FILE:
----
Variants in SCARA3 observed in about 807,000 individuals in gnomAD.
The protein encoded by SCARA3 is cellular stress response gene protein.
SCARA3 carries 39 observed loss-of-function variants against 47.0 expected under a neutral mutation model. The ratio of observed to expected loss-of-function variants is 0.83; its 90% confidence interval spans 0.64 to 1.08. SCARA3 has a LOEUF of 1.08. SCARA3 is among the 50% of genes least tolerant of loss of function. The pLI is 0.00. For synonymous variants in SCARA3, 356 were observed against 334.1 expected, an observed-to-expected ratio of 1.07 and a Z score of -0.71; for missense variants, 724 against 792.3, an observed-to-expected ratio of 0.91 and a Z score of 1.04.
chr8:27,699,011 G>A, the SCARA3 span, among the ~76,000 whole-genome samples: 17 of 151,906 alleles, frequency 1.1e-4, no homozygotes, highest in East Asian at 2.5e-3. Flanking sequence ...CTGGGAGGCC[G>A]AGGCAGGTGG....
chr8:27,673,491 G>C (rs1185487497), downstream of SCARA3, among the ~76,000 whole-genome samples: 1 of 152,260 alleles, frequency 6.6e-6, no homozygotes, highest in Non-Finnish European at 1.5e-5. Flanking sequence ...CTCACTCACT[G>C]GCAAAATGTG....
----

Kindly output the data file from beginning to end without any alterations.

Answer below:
Variants in SCARA3 observed in about 807,000 individuals in gnomAD.
The protein encoded by SCARA3 is cellular stress response gene protein.
SCARA3 carries 39 observed loss-of-function variants against 47.0 expected under a neutral mutation model. The ratio of observed to expected loss-of-function variants is 0.83; its 90% confidence interval spans 0.64 to 1.08. SCARA3 has a LOEUF of 1.08. SCARA3 is among the 50% of genes least tolerant of loss of function. The pLI is 0.00. For synonymous variants in SCARA3, 356 were observed against 334.1 expected, an observed-to-expected ratio of 1.07 and a Z score of -0.71; for missense variants, 724 against 792.3, an observed-to-expected ratio of 0.91 and a Z score of 1.04.
chr8:27,699,011 G>A, the SCARA3 span, among the ~76,000 whole-genome samples: 17 of 151,906 alleles, frequency 1.1e-4, no homozygotes, highest in East Asian at 2.5e-3. Flanking sequence ...CTGGGAGGCC[G>A]AGGCAGGTGG....
chr8:27,673,491 G>C (rs1185487497), downstream of SCARA3, among the ~76,000 whole-genome samples: 1 of 152,260 alleles, frequency 6.6e-6, no homozygotes, highest in Non-Finnish European at 1.5e-5. Flanking sequence ...CTCACTCACT[G>C]GCAAAATGTG....